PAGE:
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River Monnow
The Monnow Bridge in Monmouth
Native name Afon Mynwy
Country Wales, England
Physical characteristics
Length 42 mi (68 km)
Upstream view of the River Monnow - - 1558098
Upstream as seen from Priory Street, Monmouth

The River Monnow (Welsh: Afon Mynwy) marks the England–Wales border for much of its 42 miles (68 km) length. After flowing through southwest Herefordshire, England, and eastern Monmouthshire, Wales, its confluence with the River Wye is approximately 13 mile (0.54 km) south of Monmouth.

The Monnow rises near Craswall on Cefn Hill just below the high Black Mountains, Wales. It flows southwards, gaining the waters of its tributaries the Escley Brook and Olchon Brook near Clodock and the waters of the River Honddu, from the Welsh side of the Black Mountains, near Pandy. The river then flows briefly eastwards, to Pontrilas, where it is joined by its largest tributary, the River Dore before again turning southwards. At Monmouth, the Monnow joins into the River Wye with the River Trothy. The unique medieval Monnow Bridge in Monmouth is the only remaining fortified river bridge in Great Britain with its gate tower standing on the bridge.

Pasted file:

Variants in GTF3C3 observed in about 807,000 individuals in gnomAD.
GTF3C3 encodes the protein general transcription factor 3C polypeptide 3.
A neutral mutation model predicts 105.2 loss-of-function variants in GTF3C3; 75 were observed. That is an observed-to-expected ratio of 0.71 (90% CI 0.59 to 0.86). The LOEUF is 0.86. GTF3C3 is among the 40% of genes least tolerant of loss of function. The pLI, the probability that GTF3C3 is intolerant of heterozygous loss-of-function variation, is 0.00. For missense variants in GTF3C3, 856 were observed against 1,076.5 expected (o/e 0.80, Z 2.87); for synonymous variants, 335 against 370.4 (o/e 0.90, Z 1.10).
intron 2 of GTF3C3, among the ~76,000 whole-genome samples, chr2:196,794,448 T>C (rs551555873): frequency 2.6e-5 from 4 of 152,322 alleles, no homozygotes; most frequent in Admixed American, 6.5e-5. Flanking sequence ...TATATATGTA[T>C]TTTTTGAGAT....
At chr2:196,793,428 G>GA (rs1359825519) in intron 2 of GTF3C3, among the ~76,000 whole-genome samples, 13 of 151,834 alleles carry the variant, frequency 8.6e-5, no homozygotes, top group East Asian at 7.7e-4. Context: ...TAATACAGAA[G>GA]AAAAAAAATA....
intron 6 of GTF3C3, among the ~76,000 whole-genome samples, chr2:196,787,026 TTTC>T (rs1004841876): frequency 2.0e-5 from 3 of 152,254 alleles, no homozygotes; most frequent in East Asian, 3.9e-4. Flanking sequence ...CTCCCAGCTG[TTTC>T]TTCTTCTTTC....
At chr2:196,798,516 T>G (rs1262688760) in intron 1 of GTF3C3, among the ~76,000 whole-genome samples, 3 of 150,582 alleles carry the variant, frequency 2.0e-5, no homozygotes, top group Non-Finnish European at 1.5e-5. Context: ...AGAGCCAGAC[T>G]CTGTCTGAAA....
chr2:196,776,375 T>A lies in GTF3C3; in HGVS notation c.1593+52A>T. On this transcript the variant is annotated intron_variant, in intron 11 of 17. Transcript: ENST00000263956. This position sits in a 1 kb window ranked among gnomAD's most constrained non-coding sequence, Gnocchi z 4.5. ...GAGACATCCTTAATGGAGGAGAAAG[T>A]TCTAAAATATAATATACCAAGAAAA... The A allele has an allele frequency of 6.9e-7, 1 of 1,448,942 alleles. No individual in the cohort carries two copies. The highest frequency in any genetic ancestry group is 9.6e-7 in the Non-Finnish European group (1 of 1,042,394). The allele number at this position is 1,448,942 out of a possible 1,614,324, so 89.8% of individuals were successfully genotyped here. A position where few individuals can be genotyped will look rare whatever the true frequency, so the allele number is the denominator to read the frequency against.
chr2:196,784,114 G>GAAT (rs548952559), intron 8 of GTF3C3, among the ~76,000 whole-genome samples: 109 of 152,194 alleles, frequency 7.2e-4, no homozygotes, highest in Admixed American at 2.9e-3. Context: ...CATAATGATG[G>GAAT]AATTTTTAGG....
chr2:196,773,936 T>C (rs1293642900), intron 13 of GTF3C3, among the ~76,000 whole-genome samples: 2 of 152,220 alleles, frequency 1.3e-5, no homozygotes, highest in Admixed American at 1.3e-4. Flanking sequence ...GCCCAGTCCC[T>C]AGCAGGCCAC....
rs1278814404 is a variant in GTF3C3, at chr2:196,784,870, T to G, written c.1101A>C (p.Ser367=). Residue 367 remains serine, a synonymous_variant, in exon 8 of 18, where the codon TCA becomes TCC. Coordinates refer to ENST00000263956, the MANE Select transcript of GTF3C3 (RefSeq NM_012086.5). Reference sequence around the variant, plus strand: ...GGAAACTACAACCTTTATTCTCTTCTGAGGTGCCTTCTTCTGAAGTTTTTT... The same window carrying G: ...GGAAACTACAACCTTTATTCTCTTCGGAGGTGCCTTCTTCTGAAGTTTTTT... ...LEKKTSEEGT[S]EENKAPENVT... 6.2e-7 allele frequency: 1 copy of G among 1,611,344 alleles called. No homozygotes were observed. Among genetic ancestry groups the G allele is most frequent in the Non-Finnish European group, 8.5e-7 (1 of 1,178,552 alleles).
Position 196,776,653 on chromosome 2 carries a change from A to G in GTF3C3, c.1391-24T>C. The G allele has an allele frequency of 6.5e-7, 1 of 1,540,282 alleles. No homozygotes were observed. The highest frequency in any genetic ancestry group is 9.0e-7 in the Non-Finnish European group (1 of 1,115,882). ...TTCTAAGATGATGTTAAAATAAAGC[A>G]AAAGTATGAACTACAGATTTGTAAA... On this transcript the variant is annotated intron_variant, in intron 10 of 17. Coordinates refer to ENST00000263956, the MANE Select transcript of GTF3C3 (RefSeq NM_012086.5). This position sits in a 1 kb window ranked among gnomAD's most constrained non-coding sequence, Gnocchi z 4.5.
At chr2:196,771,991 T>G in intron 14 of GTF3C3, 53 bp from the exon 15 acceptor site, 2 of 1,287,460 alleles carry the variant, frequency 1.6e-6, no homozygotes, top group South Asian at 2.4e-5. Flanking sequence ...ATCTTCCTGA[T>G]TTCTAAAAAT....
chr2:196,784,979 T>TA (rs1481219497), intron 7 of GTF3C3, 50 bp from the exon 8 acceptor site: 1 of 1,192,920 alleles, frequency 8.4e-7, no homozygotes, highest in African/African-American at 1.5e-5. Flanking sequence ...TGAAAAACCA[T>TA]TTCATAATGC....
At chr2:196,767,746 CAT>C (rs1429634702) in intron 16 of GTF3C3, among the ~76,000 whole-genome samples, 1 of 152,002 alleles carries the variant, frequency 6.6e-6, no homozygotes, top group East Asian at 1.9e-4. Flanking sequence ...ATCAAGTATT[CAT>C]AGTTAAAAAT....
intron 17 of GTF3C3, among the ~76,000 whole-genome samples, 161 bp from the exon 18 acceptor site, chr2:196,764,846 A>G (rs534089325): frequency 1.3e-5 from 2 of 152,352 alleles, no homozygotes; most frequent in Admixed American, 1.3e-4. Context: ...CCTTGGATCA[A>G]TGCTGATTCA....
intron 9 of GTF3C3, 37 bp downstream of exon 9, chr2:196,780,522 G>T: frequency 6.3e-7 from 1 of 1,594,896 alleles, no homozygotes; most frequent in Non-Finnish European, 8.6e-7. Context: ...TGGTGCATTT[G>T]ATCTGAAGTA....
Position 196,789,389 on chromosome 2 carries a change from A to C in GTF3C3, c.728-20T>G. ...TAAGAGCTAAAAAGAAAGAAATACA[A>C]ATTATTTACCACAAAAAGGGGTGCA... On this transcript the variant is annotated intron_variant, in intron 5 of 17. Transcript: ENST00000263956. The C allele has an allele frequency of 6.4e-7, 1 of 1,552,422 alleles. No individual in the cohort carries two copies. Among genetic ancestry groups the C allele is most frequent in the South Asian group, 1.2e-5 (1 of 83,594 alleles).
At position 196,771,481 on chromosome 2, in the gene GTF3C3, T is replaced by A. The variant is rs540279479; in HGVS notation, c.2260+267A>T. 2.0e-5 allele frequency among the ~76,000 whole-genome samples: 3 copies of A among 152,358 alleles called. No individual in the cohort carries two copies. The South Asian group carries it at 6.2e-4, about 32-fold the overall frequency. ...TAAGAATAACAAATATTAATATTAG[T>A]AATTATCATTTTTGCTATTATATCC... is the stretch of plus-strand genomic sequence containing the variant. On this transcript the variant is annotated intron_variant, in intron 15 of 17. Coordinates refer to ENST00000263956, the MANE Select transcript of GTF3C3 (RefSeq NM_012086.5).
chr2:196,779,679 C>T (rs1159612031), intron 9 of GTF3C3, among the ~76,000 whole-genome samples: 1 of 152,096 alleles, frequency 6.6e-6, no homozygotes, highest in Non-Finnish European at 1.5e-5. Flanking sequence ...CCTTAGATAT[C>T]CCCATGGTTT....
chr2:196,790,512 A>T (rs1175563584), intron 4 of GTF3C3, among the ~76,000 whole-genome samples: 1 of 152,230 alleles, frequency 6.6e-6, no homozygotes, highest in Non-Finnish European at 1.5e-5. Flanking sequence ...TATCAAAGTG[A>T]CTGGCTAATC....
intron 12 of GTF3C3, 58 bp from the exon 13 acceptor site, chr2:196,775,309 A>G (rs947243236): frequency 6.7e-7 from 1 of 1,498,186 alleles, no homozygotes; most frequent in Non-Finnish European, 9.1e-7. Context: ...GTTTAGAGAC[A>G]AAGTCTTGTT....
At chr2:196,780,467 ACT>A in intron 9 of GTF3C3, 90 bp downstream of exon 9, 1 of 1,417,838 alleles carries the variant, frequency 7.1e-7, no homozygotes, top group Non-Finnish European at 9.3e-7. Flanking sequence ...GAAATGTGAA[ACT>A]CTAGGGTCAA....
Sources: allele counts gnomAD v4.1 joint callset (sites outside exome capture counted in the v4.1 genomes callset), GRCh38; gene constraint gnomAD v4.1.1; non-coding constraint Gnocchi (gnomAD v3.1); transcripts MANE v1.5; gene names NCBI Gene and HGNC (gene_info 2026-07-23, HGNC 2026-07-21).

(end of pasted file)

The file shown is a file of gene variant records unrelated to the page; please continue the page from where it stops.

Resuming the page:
The 40 miles (64 km) long-distance Monnow Valley Walk follows the river.


The River Monnow derives its name from the Welsh (Cymraeg, Myn-wy) and translates to "swift water". (myn means swift, and wy is one of the many Welsh words for water)

Brown trout

At one time the river was noted for its substantial brown trout population, with the length from Pontrilas to Skenfrith producing record catches. Numbers fell substantially during the 20th century and especially after the 1960s but in more recent years the trout fishing has improved dramatically and the Monnow catchment once again ranks as one of the best wild trout fisheries in England and Wales and it is now also noted for the grayling fishing. A recently opened fish pass at Monmouth allowing migratory fish to by-pass a previously impassable weir has once more given Atlantic salmon and sea trout access to the majority of the catchment and salmon were seen jumping at the now dismantled Kentchurch weir for the first time for many years in the Autumn of 2008. The Monnow Rivers Association takes a large amount of the credit for the improvement in the fishing through their work on habitat improvement throughout the catchment and encouraging anglers to return a high proportion of fish caught safely to the water.

Hydroelectric power

At Osbaston, immediately north of Monmouth, the Monmouth New Hydro Scheme harnesses the flow of the Monnow to provide 670,000 kWh of electricity per year. The Osbaston fish pass facilitates the passage of river-spawning fish and other species past what would otherwise be an obstruction.

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